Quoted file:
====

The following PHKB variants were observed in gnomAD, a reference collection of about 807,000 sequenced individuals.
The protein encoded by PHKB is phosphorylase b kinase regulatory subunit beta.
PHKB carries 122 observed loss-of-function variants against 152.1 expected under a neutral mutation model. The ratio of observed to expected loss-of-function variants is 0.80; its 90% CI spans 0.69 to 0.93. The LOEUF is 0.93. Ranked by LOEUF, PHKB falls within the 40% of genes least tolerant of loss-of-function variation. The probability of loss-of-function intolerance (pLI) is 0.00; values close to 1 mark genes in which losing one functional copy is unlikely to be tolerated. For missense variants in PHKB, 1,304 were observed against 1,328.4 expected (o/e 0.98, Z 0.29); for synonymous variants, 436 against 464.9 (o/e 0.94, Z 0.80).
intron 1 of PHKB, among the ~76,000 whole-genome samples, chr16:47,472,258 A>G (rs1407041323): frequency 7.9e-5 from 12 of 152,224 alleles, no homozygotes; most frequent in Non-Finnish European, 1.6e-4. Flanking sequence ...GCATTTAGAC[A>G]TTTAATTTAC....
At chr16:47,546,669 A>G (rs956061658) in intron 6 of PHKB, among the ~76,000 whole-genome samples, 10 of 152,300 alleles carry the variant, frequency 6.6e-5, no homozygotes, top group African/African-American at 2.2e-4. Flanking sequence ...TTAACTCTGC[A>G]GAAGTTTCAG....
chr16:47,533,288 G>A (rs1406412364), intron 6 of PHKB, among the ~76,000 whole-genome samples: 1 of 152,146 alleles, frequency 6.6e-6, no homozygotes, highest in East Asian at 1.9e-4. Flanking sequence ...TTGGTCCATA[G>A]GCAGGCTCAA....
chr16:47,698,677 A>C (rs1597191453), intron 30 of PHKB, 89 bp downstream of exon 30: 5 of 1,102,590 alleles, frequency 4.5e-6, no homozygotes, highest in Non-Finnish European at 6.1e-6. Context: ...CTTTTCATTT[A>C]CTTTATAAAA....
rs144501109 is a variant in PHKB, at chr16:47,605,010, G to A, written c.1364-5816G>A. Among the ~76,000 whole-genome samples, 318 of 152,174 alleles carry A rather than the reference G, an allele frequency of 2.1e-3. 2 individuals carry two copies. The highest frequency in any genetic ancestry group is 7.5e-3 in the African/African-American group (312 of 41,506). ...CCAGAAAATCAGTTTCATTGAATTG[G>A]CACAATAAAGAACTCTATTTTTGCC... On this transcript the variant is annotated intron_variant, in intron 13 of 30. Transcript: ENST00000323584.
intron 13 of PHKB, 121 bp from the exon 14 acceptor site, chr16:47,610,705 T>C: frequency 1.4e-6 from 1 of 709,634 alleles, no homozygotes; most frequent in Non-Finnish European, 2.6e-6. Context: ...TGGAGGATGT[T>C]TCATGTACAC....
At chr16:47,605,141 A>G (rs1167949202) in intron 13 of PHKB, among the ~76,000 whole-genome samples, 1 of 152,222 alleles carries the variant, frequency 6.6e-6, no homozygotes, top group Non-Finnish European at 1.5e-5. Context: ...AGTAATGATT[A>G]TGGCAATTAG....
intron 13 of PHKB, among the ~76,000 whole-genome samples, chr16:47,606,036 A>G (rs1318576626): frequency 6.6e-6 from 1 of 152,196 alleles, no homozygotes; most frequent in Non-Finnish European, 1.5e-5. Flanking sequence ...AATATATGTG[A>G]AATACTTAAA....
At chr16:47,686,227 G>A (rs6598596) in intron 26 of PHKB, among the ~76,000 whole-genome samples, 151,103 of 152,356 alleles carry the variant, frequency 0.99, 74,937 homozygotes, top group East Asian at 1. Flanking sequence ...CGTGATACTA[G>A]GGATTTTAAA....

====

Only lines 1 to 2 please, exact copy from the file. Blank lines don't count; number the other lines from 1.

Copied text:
The following PHKB variants were observed in gnomAD, a reference collection of about 807,000 sequenced individuals.
The protein encoded by PHKB is phosphorylase b kinase regulatory subunit beta.